According to Einstein’s Theory of Relativity, distortions in spacetime caused by mass – also known as gravity – will propagate out at the speed of light. In other words, the light from the Sun and the gravity of the Sun should disappear at exactly the same time from the Earth’s perspective.

But that’s just a theory and a bunch of fancy math. Is there any way to test this out in reality? Astronomers have figured a way to deduce this indirectly by watching the interactions with massive objects in space.

Twin pulsars.  Credit: Michael Kramer, University of Manchester

In the binary system PSR 1913+16, there’s a pair of pulsars orbiting each other within just a few times bigger than the width of the Sun. As they spin around each other, the pulsars warp the spacetime themselves by releasing gravitational waves. And this release of gravitational waves causes the pulsars to slow down.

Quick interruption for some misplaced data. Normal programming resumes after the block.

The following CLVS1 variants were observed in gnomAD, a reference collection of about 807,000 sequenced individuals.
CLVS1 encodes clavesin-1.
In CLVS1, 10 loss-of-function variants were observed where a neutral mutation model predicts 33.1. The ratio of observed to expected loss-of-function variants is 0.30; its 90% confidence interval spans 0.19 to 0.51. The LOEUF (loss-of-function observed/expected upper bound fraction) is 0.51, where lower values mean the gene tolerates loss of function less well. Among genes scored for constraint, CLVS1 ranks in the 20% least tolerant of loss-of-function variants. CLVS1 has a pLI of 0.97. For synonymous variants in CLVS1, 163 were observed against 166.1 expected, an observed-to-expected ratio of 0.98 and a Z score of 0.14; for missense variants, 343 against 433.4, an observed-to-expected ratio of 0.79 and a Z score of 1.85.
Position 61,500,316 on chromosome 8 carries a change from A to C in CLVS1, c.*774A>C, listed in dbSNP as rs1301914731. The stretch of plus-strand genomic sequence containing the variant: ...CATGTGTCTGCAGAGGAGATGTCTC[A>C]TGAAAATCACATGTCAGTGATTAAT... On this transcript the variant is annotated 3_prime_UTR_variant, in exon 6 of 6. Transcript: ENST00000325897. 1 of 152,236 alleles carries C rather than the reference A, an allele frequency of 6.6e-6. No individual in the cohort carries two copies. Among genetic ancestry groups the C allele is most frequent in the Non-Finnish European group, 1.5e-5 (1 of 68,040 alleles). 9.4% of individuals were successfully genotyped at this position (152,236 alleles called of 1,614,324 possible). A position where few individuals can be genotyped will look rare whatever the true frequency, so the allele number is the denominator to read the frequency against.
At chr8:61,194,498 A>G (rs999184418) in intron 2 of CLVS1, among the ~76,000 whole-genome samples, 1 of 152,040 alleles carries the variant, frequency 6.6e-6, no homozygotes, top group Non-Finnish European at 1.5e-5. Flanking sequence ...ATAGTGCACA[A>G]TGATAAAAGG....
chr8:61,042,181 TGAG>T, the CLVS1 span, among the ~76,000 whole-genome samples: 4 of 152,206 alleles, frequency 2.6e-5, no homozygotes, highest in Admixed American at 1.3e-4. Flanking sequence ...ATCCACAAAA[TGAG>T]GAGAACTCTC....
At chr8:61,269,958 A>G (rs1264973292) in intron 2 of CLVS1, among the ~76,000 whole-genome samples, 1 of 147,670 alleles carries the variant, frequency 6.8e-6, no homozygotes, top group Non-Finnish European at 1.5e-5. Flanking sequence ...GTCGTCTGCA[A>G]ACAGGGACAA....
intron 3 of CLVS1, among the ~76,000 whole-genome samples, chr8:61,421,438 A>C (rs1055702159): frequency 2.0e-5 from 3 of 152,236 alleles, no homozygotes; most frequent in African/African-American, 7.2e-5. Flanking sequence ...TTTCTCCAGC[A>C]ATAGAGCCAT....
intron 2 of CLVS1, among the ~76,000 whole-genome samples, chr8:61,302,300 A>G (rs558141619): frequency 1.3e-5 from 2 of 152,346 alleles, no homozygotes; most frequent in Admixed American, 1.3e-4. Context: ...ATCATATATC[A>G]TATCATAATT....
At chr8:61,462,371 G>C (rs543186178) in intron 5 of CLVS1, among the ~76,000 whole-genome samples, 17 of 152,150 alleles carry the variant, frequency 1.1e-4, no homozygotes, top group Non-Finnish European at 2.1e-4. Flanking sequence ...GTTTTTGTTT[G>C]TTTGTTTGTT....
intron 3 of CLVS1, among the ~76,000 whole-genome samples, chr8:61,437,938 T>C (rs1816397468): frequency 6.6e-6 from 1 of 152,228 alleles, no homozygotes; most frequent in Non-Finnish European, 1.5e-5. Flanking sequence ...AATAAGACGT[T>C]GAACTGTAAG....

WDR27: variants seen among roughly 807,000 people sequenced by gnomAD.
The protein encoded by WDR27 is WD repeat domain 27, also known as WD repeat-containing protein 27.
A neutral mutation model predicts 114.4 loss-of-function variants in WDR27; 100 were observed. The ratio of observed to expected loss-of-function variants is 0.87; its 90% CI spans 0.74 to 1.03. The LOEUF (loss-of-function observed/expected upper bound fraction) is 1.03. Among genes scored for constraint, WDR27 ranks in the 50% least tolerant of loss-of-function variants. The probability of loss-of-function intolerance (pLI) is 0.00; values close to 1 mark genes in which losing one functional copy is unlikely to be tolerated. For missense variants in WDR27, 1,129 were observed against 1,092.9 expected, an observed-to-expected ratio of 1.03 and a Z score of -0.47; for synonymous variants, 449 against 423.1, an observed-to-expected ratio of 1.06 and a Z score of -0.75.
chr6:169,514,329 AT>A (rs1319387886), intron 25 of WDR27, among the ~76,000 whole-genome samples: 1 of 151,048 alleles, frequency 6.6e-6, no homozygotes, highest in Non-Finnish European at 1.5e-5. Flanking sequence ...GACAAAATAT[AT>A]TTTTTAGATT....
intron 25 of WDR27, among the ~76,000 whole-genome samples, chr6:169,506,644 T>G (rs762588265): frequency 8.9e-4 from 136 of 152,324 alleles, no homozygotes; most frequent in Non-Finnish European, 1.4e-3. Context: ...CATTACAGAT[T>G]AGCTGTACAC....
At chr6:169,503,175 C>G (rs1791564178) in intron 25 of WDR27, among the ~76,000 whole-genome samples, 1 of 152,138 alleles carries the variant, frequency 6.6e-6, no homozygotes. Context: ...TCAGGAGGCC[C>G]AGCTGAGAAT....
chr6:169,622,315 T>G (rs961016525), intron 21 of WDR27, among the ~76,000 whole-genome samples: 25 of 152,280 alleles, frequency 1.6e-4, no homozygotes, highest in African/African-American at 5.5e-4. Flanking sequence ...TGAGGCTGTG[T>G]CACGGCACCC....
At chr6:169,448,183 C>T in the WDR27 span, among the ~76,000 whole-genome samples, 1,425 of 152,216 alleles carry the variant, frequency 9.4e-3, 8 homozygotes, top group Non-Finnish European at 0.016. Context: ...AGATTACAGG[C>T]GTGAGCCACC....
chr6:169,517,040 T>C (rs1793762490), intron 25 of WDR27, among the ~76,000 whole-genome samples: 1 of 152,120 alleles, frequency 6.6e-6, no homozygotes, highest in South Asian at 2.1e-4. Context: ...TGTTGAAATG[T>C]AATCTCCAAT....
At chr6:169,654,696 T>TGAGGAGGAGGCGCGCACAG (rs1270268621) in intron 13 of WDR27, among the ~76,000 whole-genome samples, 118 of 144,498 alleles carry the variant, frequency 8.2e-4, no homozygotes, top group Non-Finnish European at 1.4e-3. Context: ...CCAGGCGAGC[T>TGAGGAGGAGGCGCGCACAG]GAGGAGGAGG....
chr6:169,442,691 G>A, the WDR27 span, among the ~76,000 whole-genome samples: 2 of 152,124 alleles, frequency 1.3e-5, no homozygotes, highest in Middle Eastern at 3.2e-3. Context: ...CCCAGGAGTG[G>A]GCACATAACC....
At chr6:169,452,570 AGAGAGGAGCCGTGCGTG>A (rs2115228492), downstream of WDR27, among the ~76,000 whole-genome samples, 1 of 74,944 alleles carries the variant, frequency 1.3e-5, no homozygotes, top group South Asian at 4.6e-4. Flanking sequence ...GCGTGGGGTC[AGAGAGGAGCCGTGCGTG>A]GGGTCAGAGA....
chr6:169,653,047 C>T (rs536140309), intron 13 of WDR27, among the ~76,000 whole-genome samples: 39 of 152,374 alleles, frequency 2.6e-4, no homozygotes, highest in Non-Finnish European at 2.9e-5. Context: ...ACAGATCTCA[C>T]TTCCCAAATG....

It’s amazing that astronomers can even measure this orbital decay, but the even more amazing part is that they use this process to measure the speed of gravity. When they did the calculations, astronomers determined the speed of gravity to be within 1% of the speed of light – that’s close enough.

Scientists have also used careful observations of Jupiter to get at this number. By watching how Jupiter’s gravity warps the light from a background quasar as it passes in front, they were able to determine that the speed of gravity is between 80% and 120% of the speed of light. Again, that’s close enough.

So there you go. The speed of gravity equals the speed of light. And should the Sun suddenly disappear, we’ll be glad to get all the bad news at the same time.

Gravity is a harsh mistress. Tell us a story about a time gravity was too fast for you. Put it in the comments below.